On Safari at Kruger in Search of The Big Five

As per our travelling style, the safari was a last minute decision, and what a tremendous one it was!DSC_1098After touring the Garden Route, we booked a room near the airport in Johannesburg with good wi-fi since we needed to plan our next adventure. After Googling possible destinations, flight options, and the weather forecast, including back and forth emails with various tour operators, and the next day, we were off on a reasonably priced, six-days, five-nights African adventure with Viva Safaris.

They picked us up at our accommodation, and we headed north towards South Africa’s largest game reserve, the Kruger National Park. This is big five country; lion, rhinoceros, elephant, leopard, and water buffalos.

En route, we had our first view of the water buffalo (Bubalus bubalis) at a roadside watering hole. Water BuffaloShortly after our arrival at the Balule Nature Reserve, we departed for an evening game drive and excitedly spotted our first wild animals. Even after a few days, we never tired of watching the prevalent giraffes (Giraffa), impalas (Aepyceros melampus), zebras (Equus zebra), and various colourful birds.DSC_0026Impala, maleDSC_0008

Popularly known as Zazu, the yellow-billed honbill (Tockus leucomelas)DSC_0462Golden orb-web spider (Nephila)Gold web spiderThe next few days consisted of game viewing with a nice mix of early morning, late afternoon and night drives, allowing for chance encounters with the wildlife that is active at different times.

The highlight of the tour was the full day experience at the Kruger National Park. Covering a massive area of over 20,000 square kilometres, it is home to an abundant variety of animal and plant life, including 336 trees, 49 fish, 34 amphibians, 114 reptiles, 507 birds, and 147 mammal species. We spotted our fair share.

Blue wildebeest (Connochaetes taurinus)DSC_0430More giraffes.DSC_0044The white rhinoceros (Ceratotherium simum simum); highly poached for its horn.DSC_0329The greater kudu (Tragelaphus strepsiceros)KuduA female steenbok (Raphicerus campestris)SteinbuckThe common hippopotamus (Hippopotamus amphibius)HippopotamusIn the late afternoon, we encountered a group of elephants feeding near the road and stopped to watch. A young bull was in musth, noticeable by the drip from the gland behind the ear, a mating condition where the level of testosterone surges 60 times, increasing the aggressiveness and unpredictability of the mighty beast. He became agitated with our presence and feinted several charges at our vehicle, scaring the bejeezus out of everyone including the guide. Fortunately for us, he lost interest and crossed the road with his group in search of greener pastures.DSC_0186DSC_0203DSC_0210Rarer and harder to spot, are the elusive lions and leopards who lie camouflaged in the Savannah. Our expert guide knew what to look for; a pale brown patch in the swaying tall grass.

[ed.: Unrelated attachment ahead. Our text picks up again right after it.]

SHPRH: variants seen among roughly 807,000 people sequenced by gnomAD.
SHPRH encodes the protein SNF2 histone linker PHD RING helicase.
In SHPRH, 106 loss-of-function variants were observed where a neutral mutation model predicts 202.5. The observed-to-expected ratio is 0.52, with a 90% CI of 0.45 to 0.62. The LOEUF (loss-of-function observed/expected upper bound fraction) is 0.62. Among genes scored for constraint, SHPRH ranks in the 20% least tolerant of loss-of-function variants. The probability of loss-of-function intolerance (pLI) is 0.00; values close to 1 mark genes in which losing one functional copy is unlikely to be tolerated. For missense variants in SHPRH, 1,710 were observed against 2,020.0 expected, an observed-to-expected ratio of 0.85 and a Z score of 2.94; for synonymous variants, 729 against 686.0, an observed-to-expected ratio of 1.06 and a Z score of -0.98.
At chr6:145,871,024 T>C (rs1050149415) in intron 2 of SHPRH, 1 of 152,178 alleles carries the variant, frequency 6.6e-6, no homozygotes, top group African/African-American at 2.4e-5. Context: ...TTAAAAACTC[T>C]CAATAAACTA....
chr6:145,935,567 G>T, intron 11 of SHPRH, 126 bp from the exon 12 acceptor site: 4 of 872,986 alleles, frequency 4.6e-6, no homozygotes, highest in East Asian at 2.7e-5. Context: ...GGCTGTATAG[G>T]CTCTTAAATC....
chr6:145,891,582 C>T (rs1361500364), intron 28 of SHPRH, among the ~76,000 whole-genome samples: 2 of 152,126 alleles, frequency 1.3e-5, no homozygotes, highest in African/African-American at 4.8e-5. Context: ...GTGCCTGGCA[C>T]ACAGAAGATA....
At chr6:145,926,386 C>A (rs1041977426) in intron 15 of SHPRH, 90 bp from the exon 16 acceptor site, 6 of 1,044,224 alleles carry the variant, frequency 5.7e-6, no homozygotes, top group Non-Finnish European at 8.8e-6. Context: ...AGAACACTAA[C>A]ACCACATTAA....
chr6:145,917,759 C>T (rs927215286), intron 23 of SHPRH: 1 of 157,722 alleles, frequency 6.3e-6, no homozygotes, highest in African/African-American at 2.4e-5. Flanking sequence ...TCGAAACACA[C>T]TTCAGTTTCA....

They could see us and kept a close eye. Eventually, they yawned and stretched out for an afternoon nap.DSC_0474DSC_0469And lastly, as dusk turned to darkness, we spotted the spotted hyena (Crocuta crocuta)DSC_0277Our last day of the tour consisted of a cultural outing into the village of Acornhoek. There we had a terrific lunch at Ka S’bali, the local go-to place for flamed grilled chicken.DSC_0517We continued to Maromeni village, where teacher Emerencia Mohlolo and her students from the Chueu primary school, gathered to entertain us at parents home.

Seated on plastic chairs on the front porch, we felt like royalty. To the beat a repurposed red plastic container, and with infinite energy and awesome rhythm, the children performed traditional dances and proudly sang Nkosi Sikelel’ iAfrika, the national anthem of South Africa.DSC_0603DSC_0555It was an uplifting day, with many hugs, handshakes, and heartfelt goodbyes.DSC_0604On the journey back to Joburg, a brief stop at the Blyde Canyon offered panoramic views. Blyde River CanyonA spectacular ending, from an amazing experience we won’t forget anytime soon!

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14 thoughts on “On Safari at Kruger in Search of The Big Five

    • Anita, selecting only a few images for the post was difficult task. We saw so many wonderful wild animals and as many species of colourful birds. A safari was on my bucket list, but I always thought it would be out of our price range as they tend to be luxury tours. It was a real treat when we realized that we could swing it, by combining lodge and tented accommodation. – Ginette

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